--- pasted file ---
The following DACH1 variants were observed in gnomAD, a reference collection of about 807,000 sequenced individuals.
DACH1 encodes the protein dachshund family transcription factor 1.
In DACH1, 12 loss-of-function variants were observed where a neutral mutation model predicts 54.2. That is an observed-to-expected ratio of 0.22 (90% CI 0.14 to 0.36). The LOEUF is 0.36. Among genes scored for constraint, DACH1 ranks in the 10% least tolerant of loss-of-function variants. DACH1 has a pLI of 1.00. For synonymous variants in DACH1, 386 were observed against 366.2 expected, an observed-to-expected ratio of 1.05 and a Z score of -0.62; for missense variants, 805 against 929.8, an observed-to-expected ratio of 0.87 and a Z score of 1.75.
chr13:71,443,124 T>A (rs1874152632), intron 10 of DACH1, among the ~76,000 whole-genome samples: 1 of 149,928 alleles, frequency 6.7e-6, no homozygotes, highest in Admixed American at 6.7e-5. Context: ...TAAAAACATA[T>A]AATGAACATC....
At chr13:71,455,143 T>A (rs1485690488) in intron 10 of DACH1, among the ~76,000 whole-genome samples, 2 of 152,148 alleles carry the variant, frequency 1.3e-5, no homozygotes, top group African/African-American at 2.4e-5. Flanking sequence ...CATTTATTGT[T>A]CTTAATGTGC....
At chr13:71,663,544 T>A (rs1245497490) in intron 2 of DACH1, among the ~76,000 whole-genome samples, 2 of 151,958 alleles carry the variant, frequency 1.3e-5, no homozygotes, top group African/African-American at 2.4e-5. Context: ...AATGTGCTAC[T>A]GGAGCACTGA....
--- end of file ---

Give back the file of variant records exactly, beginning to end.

The following DACH1 variants were observed in gnomAD, a reference collection of about 807,000 sequenced individuals.
DACH1 encodes the protein dachshund family transcription factor 1.
In DACH1, 12 loss-of-function variants were observed where a neutral mutation model predicts 54.2. That is an observed-to-expected ratio of 0.22 (90% CI 0.14 to 0.36). The LOEUF is 0.36. Among genes scored for constraint, DACH1 ranks in the 10% least tolerant of loss-of-function variants. DACH1 has a pLI of 1.00. For synonymous variants in DACH1, 386 were observed against 366.2 expected, an observed-to-expected ratio of 1.05 and a Z score of -0.62; for missense variants, 805 against 929.8, an observed-to-expected ratio of 0.87 and a Z score of 1.75.
chr13:71,443,124 T>A (rs1874152632), intron 10 of DACH1, among the ~76,000 whole-genome samples: 1 of 149,928 alleles, frequency 6.7e-6, no homozygotes, highest in Admixed American at 6.7e-5. Context: ...TAAAAACATA[T>A]AATGAACATC....
At chr13:71,455,143 T>A (rs1485690488) in intron 10 of DACH1, among the ~76,000 whole-genome samples, 2 of 152,148 alleles carry the variant, frequency 1.3e-5, no homozygotes, top group African/African-American at 2.4e-5. Flanking sequence ...CATTTATTGT[T>A]CTTAATGTGC....
At chr13:71,663,544 T>A (rs1245497490) in intron 2 of DACH1, among the ~76,000 whole-genome samples, 2 of 151,958 alleles carry the variant, frequency 1.3e-5, no homozygotes, top group African/African-American at 2.4e-5. Context: ...AATGTGCTAC[T>A]GGAGCACTGA....